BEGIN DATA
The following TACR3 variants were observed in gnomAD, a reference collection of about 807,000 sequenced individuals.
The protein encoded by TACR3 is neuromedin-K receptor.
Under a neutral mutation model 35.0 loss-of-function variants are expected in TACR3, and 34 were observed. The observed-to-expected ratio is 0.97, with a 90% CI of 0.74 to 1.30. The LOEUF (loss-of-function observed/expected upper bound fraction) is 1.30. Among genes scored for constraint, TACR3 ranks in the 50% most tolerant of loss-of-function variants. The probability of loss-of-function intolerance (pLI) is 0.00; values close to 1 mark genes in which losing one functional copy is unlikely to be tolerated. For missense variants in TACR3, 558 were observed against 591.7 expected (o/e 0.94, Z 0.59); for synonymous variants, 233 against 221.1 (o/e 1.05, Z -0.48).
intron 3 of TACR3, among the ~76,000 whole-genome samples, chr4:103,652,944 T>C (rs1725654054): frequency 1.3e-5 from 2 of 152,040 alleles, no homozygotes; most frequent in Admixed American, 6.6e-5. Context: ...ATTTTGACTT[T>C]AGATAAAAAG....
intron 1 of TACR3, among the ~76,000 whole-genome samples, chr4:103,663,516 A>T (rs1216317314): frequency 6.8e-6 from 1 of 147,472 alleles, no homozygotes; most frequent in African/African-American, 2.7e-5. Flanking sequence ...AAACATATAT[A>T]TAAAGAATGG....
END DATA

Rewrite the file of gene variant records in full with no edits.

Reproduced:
The following TACR3 variants were observed in gnomAD, a reference collection of about 807,000 sequenced individuals.
The protein encoded by TACR3 is neuromedin-K receptor.
Under a neutral mutation model 35.0 loss-of-function variants are expected in TACR3, and 34 were observed. The observed-to-expected ratio is 0.97, with a 90% CI of 0.74 to 1.30. The LOEUF (loss-of-function observed/expected upper bound fraction) is 1.30. Among genes scored for constraint, TACR3 ranks in the 50% most tolerant of loss-of-function variants. The probability of loss-of-function intolerance (pLI) is 0.00; values close to 1 mark genes in which losing one functional copy is unlikely to be tolerated. For missense variants in TACR3, 558 were observed against 591.7 expected (o/e 0.94, Z 0.59); for synonymous variants, 233 against 221.1 (o/e 1.05, Z -0.48).
intron 3 of TACR3, among the ~76,000 whole-genome samples, chr4:103,652,944 T>C (rs1725654054): frequency 1.3e-5 from 2 of 152,040 alleles, no homozygotes; most frequent in Admixed American, 6.6e-5. Context: ...ATTTTGACTT[T>C]AGATAAAAAG....
intron 1 of TACR3, among the ~76,000 whole-genome samples, chr4:103,663,516 A>T (rs1216317314): frequency 6.8e-6 from 1 of 147,472 alleles, no homozygotes; most frequent in African/African-American, 2.7e-5. Flanking sequence ...AAACATATAT[A>T]TAAAGAATGG....